Two factor (2FA) SSH with Google Authenticator

Configuring two factor authentication on SSH is actually quite straightforward. Using Google Authenticator we can get setup and running in about 8 minutes. If we were to use another method such as a hardware based token we would have to wait for delivery of the token (for example YubiKey) - that would take way longer. 🙂

First the Basics

Two factor authentication means there are two different methods used to authenticate access to a service by a user. The first method is something that everyone is familiar with, that being a password or passphrase. A second factor is a computationally generated code that can be sent to your phone via SMS, Phone APP or read off a hardware token. Many will be familiar with these for access to banking or online services such as Google.

Tip: If you don't use two factor on your Google Account and Banking, go and sort it now. In fact, if you are using SMS as a 2FA on your Google Account, think about changing it to use the Google Authenticator App. Recent breaches have highlighted the weakness in SMS based 2FA.

Configuring SSH for 2FA on Ubuntu

These steps for configuring ssh and 2FA will no doubt be similar for any Linux distribution, our focus for now is on Ubuntu and locking down our SSH service.


  • Ubuntu 18.04
  • Phone with Google Authenticator (iPhone or Android)
  • SSH server with sudo access **

** You need to be the administrator of the SSH server otherwise the actual administrator will get cross when they get locked out.

Warning: Ensure you have a pretty good grasp of what we are doing here. If you are not familiar with editing config files and running services on Linux take care. If you mess up the configuration you may lock yourself out of your SSH access. It is probably a good idea to ensure you have console access to your system.

1. Install Ubuntu Packages

The required package is in the Ubuntu repositories so installation is a simple apt install.

sudo apt install libpam-google-authenticator

2. Configure SSH Server

First we will edit /etc/pam.d/sshd adding the following line:

auth required

Now change the following line in /etc/ssh/sshd_config to yes to enable use of the Authenticator we added to the pam configuration.

# Change to yes to enable challenge-response passwords (beware issues with
# some PAM modules and threads)
ChallengeResponseAuthentication yes

Restart SSH service

sudo service sshd restart

3. Configure Google Authenticator on Ubuntu

With our installed package we now have a binary that allows us to configure the Google Authenticator.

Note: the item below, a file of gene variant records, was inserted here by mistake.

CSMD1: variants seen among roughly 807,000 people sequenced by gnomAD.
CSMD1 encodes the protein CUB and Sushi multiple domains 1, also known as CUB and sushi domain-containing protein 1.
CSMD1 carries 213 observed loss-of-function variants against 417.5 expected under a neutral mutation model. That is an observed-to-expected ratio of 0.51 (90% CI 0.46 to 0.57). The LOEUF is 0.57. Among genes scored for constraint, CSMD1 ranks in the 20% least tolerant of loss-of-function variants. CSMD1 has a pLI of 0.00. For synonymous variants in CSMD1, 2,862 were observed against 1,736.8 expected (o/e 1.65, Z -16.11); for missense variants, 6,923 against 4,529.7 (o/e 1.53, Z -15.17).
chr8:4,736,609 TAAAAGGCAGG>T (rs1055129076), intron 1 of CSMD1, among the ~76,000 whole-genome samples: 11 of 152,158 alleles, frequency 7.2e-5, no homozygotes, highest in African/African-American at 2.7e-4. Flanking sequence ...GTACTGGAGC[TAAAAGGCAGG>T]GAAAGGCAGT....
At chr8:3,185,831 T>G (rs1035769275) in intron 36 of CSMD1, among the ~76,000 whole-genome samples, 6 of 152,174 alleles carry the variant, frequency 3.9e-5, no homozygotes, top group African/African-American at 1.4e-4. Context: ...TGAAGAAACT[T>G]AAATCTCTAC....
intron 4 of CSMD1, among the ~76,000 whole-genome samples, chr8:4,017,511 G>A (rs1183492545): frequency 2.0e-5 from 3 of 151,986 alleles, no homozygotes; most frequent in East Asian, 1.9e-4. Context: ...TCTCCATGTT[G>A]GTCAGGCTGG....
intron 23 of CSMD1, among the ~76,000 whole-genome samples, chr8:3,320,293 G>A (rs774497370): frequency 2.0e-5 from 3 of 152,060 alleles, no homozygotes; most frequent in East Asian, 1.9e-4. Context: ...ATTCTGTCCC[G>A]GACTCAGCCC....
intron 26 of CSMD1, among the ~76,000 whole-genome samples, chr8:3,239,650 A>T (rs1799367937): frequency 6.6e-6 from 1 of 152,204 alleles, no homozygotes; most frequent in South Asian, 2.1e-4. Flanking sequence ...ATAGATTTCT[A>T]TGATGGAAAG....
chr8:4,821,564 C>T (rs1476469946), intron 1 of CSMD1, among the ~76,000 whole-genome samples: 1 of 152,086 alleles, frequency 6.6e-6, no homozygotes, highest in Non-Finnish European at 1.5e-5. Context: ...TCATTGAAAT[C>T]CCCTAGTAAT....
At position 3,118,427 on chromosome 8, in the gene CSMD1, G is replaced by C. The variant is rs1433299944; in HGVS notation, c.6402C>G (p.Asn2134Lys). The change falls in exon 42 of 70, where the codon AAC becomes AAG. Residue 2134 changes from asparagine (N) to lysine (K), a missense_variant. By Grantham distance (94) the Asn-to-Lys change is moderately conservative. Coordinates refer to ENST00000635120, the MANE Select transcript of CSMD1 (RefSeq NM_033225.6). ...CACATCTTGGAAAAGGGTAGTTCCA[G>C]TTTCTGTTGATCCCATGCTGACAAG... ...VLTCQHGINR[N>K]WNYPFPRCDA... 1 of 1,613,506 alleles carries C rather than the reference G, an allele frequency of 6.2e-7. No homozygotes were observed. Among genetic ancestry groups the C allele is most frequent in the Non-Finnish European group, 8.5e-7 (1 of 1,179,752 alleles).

Read the options presented and decide which you wish to use. Selecting time based authentication tokens is a good option and the simplest.

Do you want authentication tokens to be time-based (y/n) y
Warning: pasting the following URL into your browser exposes the OTP secret to Google:<>

<< ------ Here right in your Terminal is a Large QR Code ---------- >>

<< ------ Also here is your secret key and backup codes ------ >>

Do you want me to update your "/home/user/.google_authenticator" file? (y/n) y

Do you want to disallow multiple uses of the same authentication
token? This restricts you to one login about every 30s, but it increases your chances to notice or even prevent man-in-the-middle attacks (y/n) y

By default, a new token is generated every 30 seconds by the mobile app. In order to compensate for possible time-skew between the client and the server, we allow an extra token before and after the current time. This allows for a time skew of up to 30 seconds between authentication server and client. If you experience problems with poor time synchronization, you can increase the window from its default size of 3 permitted codes (one previous code, the current code, the next code) to 17 permitted codes (the 8 previous codes, the current
code, and the 8 next codes). This will permit for a time skew of up to 4 minutes between client and server.
Do you want to do so? (y/n) y

If the computer that you are logging into isn't hardened against brute-force login attempts, you can enable rate-limiting for the authentication module. By default, this limits attackers to no more than 3 login attempts every 30s. 
Do you want to enable rate-limiting? (y/n) y

Write down the backup codes on a piece of paper. Put them somewhere safe, these will allow you to login to your ssh server if you don't have your phone.

Add key to the Google Authenticator App

On your phone launch the Google Authenticator App and hit the big red plus button. This is to add a new service to the Authenticator. Use the option to scan the QR code. It is as easy as that. You will now have access to your ssh service with an added authentication factor - that being the code on your Google App.

Test your access still works

Try to login to your ssh server. You should now be prompted for the code as well as the usual password. If you are using keys to access the ssh you will still have access using the key. The 2FA code has been configured to only apply to the password based authentication.

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